It is with great sadness that we report the passing of the poet Donald Justice, who died at seventy-eight on August 6 after a long illness. Justice was a quiet yet vibrant presence in the world of poetry, much respected for the excellence of his craft and the elegantly modulated passion of his poems. He was the recipient of many prizes and honors—the Pulitzer Prize in 1980, the Bollingen Prize in 1991, the Lannen Literary Award in 1996—but the fastidiousness of his verse assured that his celebrity remained select. Over the years, Justice published a few essays and many poems in The New Criterion. The first was “Children walking home from school through a good neighborhood,” which appeared in October 1984, the second issue in which we published poems. The season is autumn, the time is after school:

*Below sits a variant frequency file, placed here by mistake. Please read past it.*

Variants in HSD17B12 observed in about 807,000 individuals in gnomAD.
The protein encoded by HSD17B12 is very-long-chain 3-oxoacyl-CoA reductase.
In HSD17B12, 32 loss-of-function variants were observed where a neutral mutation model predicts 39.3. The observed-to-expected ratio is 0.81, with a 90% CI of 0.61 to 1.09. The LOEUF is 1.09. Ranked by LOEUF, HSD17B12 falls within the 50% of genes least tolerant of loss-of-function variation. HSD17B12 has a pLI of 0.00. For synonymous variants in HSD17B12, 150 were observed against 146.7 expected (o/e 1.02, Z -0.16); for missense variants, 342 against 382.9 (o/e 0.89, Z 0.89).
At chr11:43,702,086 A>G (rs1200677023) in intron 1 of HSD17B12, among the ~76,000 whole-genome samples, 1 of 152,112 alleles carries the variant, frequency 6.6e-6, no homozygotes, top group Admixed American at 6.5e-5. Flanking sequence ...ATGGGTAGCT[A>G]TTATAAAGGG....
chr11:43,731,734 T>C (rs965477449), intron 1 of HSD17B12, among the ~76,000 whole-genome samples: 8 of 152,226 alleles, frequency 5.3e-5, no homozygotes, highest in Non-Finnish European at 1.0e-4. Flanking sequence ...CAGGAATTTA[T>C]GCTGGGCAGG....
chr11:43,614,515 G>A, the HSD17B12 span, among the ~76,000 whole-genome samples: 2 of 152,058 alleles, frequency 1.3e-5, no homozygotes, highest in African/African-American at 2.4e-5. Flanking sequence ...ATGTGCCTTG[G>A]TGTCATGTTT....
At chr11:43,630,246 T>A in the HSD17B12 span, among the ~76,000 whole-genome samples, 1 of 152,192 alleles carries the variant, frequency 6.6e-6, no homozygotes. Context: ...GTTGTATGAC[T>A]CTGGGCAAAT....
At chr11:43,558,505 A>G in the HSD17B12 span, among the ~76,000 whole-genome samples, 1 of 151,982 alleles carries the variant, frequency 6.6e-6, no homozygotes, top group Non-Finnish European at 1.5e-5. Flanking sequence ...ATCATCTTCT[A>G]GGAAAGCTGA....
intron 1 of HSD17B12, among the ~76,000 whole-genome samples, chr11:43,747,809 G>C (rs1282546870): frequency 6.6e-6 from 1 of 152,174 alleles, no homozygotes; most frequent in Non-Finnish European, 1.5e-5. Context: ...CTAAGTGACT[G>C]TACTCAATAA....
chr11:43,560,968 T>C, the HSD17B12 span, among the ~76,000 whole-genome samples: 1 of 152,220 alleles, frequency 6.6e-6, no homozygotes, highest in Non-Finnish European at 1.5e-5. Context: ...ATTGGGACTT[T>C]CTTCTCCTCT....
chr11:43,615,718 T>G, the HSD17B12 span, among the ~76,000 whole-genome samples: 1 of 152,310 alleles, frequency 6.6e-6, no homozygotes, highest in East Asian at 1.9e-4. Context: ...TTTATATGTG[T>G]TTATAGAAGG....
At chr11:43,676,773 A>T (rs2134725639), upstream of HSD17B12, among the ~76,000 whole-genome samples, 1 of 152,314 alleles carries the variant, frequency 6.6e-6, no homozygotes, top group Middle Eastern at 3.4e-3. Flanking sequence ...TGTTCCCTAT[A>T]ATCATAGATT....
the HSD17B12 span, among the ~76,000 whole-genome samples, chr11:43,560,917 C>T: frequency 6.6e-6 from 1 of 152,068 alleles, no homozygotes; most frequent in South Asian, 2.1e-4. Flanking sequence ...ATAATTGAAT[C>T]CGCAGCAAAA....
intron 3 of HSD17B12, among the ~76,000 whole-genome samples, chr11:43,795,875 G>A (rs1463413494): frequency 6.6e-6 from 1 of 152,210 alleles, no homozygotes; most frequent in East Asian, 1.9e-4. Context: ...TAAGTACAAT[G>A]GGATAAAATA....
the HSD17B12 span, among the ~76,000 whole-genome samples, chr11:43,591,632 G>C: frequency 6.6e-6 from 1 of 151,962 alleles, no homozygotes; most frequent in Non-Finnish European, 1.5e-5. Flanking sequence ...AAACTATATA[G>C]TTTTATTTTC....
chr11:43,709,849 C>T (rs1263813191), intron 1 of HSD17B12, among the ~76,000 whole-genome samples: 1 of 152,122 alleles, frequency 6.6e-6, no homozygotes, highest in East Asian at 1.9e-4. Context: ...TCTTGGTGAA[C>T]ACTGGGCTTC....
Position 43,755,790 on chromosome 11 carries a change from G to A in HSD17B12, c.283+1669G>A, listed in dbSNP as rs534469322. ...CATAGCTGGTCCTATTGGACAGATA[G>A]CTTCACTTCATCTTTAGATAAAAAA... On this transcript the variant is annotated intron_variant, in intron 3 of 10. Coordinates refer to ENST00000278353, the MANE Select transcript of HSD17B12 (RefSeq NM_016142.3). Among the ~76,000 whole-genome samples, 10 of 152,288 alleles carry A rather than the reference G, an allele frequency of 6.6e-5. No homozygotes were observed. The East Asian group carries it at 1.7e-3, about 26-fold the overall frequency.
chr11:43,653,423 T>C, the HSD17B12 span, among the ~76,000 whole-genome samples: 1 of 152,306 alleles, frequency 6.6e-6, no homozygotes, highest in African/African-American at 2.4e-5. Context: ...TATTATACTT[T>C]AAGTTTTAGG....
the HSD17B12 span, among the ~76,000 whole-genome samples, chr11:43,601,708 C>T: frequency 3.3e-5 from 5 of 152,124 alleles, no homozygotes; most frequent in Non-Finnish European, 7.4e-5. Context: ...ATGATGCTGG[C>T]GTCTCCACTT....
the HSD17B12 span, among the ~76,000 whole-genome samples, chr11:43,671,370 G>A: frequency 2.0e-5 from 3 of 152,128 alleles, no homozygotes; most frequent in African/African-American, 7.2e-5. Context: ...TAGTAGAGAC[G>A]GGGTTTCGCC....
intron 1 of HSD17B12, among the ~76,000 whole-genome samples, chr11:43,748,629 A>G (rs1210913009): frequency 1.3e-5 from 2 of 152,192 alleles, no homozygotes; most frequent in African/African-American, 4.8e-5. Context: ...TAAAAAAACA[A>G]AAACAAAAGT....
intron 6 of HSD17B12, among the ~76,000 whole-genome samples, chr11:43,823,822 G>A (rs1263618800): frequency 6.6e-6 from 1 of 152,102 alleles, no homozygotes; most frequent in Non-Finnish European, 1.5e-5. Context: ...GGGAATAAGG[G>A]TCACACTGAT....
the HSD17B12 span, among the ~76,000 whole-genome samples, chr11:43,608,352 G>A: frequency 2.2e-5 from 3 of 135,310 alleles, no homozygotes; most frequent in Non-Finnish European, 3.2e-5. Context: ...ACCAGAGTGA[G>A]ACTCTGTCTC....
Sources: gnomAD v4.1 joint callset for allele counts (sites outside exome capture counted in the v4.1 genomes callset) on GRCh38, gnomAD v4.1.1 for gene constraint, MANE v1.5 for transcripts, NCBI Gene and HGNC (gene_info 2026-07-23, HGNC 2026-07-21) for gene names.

Someone’s school notebook spills,
And they bend down to gather up the loose pages.
(Bright sweaters knotted at the waist; solemn expressions.)
Not that they shrink or hold back from what may come,
For now they all at once run to meet it, a little swirl of colors,
Like the leaves already blazing and falling farther north.
Later in this issue, we run a poem by William Logan dedicated to Donald Justice. We plan to run a reflection on Justice’s achievement by David Yezzi later this fall.


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This article originally appeared in The New Criterion, Volume 23 Number 1, on page 3
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